O2 Science goes on acquisition binge
PHOENIX, Ariz. — O2 Science is growing so fast it's hard to keep track of the start-up respiratory company, if it can still be called a start up.
Over the past few months, O2 Science has acquired 5,000 home respiratory patients from now-defunct HME superstore Health 'n' Home, and as a result of that deal and others now operates 13 branches, stretching from Missouri to Southern California. The company also met with eight HMEs at Medtrade Spring and expected to acquire four of them, President and CEO Mark Hanley told HME News last month.
O2 Science arrived on the scene in 1999 with $25 million in working capital and a five-year roll-up plan to build a home respiratory company with 25 locations.
"We're still shooting for 25," Hanley said. "We are just going to get there a lot sooner than we'd planned. Health 'n' home forced us to open four locations quicker than we planned but it also gave us a good foundation to start with."
With a respiratory mix estimated at 90% of its total business (about half of those Medicare patients), and each location generating about $1 million or more in revenue, it's no surprise O2 Science has been approached itself as a possible acquisition target. But, Hanley said, the company still intends to grow to 25 branches and then assess its next move in 2004, the end of its five year plan.
Despite threats of competitive bidding and cuts to the average whole sale price for respiratory medicines, Hanley still considers the home respiratory market the place to be.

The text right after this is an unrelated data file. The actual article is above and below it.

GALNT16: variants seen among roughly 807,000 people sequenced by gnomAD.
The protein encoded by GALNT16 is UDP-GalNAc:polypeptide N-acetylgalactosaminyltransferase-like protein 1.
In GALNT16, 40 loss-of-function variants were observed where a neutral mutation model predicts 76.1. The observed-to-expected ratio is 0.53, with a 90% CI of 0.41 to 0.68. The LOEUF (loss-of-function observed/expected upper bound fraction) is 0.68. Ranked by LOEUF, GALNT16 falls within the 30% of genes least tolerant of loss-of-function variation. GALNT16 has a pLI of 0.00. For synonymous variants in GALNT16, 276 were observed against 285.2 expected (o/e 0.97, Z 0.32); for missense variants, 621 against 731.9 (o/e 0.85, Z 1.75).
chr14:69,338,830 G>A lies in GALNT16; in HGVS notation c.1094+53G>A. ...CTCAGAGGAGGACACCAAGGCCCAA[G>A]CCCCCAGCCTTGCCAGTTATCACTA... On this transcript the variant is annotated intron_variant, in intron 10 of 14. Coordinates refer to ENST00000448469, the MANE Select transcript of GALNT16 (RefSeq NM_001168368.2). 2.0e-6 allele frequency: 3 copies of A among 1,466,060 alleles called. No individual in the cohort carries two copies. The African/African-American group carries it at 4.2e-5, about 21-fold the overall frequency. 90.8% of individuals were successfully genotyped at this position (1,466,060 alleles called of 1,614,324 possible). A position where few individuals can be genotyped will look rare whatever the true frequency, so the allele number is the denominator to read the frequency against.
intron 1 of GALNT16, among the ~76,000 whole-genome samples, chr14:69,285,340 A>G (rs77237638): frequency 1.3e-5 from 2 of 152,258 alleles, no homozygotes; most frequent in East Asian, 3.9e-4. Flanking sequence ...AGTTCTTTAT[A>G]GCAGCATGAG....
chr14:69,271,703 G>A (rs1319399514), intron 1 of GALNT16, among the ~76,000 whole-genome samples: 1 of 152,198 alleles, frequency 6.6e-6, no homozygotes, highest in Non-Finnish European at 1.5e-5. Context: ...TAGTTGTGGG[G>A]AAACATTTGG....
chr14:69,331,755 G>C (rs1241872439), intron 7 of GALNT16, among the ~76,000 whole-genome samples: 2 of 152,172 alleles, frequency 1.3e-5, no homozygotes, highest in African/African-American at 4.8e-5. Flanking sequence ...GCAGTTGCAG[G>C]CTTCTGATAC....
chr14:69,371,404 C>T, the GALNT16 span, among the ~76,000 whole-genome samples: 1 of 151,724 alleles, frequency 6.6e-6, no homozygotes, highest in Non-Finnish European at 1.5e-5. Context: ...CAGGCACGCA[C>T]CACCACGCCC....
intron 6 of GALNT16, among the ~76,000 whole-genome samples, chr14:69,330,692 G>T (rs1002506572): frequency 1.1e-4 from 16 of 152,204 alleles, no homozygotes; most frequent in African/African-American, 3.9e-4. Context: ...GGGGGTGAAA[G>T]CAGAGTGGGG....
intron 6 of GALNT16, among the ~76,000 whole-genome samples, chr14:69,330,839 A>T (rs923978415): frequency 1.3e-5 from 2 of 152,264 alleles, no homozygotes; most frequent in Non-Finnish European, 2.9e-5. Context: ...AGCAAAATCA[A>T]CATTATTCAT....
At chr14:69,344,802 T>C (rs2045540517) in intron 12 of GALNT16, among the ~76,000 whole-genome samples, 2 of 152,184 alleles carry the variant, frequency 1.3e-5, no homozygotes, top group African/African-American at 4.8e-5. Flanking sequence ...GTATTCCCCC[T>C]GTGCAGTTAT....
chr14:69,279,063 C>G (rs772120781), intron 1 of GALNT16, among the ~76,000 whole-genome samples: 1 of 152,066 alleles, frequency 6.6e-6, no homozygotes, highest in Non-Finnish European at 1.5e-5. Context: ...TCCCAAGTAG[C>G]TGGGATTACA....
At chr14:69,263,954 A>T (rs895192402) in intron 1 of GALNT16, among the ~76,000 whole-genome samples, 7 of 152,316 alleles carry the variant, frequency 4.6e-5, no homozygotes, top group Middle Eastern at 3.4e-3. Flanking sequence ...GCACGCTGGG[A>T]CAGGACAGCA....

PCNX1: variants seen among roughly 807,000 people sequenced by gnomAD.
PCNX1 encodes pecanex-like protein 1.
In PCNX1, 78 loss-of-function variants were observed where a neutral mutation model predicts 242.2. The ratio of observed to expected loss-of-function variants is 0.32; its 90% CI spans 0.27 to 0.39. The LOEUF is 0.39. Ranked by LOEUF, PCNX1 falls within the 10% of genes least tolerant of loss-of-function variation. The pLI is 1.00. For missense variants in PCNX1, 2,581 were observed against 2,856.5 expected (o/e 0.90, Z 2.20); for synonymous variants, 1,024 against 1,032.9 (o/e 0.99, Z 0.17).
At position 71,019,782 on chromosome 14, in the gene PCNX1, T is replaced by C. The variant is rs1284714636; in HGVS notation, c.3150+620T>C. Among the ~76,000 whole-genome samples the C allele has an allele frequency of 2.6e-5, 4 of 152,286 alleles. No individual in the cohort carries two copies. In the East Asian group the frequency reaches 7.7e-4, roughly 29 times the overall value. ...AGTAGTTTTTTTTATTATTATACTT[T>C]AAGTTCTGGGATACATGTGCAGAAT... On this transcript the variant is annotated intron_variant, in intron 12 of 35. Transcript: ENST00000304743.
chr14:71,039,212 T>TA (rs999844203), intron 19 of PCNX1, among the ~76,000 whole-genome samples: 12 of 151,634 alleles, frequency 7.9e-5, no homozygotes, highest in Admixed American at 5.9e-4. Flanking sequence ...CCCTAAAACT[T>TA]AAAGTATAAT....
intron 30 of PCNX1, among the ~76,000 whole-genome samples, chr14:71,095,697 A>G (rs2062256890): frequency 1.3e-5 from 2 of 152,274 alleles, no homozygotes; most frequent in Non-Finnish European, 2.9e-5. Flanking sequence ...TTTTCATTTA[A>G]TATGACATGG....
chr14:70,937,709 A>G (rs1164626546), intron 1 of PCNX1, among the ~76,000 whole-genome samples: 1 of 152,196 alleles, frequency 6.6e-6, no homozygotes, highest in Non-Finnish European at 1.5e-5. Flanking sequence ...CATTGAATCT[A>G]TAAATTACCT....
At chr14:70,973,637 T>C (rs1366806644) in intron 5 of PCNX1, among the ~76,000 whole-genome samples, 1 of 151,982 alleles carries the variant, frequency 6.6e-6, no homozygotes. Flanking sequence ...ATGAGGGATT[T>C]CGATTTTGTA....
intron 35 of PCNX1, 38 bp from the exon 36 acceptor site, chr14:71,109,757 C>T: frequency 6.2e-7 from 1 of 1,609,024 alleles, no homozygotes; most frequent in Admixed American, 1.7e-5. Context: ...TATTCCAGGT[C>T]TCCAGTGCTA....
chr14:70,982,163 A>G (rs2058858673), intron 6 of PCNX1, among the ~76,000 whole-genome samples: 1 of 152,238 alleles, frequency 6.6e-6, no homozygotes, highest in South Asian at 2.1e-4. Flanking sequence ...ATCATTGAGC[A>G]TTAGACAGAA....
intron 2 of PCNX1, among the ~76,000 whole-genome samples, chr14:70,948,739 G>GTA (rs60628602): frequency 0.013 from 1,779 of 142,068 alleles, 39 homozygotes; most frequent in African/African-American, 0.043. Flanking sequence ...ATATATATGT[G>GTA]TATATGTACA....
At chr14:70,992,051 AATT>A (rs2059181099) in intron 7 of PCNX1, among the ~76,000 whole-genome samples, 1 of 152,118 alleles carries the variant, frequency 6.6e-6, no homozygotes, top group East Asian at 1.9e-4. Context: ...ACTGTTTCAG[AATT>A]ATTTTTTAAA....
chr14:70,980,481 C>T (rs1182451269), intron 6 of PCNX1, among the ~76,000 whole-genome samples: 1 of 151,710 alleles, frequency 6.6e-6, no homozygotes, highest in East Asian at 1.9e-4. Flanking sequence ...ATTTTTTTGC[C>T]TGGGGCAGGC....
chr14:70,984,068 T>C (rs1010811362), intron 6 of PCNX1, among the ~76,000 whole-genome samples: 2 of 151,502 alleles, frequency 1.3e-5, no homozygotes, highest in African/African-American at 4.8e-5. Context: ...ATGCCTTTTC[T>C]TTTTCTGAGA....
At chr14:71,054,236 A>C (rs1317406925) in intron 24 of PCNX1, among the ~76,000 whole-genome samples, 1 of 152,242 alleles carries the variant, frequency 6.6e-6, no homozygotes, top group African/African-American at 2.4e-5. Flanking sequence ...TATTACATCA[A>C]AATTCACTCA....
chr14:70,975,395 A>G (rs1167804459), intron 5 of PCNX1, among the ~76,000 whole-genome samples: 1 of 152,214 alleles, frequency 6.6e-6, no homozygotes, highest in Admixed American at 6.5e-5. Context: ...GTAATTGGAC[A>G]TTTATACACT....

"We expect to get a reduction in reimbursement and anyone in this business who hasn't prepared is probably in for a hit," Hanley said.
To offset a possible cut in the AWP for respiratory drugs, O2 Science has taken steps to get better pricing on drugs and shipping. But if the cut tops 20%, Hanley said, he'd have to evaluate.
If an AWP cut topped 20%, he'd re-evaluate whether it made sense to continue offering that service, but when it comes to the other components of home respiratory therapy, "there is plenty of business to go around." "Long-term chronic lung patients need good service and that is something we specialize in," Hanley said. "Long term, there may be a time when people order a wheelchair off the Internet, but they are not going to order oxygen off the Internet. That's why we decided to stay on the respiratory side. There is a service component that patients will always need." HME